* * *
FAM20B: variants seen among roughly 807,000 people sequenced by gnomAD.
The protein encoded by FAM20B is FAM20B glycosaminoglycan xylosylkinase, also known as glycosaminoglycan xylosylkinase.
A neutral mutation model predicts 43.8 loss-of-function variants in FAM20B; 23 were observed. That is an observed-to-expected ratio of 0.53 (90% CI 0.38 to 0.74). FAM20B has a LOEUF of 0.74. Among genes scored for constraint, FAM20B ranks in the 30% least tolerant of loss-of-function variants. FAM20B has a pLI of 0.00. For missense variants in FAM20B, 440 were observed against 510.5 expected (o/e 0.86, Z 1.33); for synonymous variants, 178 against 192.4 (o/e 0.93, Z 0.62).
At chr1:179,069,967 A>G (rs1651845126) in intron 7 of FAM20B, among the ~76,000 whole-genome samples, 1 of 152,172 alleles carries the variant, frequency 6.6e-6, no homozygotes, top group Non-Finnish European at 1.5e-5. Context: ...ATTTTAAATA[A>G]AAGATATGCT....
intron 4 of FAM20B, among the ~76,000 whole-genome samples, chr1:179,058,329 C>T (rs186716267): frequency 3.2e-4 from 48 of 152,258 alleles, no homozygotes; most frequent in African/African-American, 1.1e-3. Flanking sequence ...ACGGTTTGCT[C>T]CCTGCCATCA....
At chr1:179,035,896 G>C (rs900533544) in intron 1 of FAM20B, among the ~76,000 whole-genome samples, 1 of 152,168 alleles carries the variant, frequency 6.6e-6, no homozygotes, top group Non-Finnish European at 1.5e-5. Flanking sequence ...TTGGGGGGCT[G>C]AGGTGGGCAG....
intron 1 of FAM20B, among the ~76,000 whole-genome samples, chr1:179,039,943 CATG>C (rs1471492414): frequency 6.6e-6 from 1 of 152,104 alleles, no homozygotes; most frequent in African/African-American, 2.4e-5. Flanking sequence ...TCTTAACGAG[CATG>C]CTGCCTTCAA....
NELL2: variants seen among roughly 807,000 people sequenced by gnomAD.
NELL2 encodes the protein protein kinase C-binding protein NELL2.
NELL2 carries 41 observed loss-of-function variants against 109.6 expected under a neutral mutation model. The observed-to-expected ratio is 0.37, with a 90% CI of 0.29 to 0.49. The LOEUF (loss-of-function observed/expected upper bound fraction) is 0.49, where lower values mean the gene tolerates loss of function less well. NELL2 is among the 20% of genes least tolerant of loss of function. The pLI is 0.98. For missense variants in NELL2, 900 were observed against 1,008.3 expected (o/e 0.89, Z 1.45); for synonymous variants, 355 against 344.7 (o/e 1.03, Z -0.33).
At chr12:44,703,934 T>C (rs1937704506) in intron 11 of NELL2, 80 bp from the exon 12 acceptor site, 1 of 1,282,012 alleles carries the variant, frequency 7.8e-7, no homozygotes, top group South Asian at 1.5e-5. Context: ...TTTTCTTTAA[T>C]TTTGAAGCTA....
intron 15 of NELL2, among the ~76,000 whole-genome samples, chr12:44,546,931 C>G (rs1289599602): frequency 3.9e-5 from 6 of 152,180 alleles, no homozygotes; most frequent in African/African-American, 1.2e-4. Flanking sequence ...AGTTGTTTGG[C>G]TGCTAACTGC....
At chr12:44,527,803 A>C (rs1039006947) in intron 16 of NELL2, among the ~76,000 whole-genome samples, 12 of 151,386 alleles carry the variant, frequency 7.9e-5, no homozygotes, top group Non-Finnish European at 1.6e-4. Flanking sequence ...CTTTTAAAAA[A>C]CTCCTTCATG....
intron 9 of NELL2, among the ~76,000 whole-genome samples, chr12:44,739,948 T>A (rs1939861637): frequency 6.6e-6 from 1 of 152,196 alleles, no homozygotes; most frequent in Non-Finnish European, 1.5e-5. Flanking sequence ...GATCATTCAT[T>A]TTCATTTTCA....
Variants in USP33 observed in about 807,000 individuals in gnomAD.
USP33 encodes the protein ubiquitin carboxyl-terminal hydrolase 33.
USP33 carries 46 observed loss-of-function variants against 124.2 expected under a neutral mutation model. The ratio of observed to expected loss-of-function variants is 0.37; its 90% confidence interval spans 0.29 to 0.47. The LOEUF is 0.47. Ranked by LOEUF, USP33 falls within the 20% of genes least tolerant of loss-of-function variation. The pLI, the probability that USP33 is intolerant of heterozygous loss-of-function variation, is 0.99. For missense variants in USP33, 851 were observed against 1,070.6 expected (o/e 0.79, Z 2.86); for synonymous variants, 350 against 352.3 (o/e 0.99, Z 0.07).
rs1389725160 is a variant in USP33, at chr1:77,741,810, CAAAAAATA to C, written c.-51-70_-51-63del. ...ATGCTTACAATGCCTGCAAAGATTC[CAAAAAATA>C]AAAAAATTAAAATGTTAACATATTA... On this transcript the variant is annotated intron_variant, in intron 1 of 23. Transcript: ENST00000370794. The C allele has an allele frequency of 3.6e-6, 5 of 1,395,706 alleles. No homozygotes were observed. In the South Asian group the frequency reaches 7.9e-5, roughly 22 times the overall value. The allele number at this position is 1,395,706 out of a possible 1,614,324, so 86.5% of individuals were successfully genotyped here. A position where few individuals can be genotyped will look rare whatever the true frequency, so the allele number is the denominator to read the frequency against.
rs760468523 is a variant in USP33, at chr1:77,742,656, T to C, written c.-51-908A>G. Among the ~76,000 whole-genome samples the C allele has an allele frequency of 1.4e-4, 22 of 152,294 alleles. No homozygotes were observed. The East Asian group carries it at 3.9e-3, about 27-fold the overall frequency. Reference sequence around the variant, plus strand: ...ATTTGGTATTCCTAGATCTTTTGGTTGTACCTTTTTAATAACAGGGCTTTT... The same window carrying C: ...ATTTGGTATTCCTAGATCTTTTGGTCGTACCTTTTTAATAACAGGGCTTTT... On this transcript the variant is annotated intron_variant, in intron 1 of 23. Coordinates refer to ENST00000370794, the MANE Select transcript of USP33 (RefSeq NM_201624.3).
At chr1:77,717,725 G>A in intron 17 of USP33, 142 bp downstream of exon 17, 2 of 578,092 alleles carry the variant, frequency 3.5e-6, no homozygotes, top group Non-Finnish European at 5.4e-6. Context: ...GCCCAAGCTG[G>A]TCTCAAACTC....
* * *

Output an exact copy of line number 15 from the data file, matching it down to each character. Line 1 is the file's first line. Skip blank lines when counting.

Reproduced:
Variants in USP33 observed in about 807,000 individuals in gnomAD.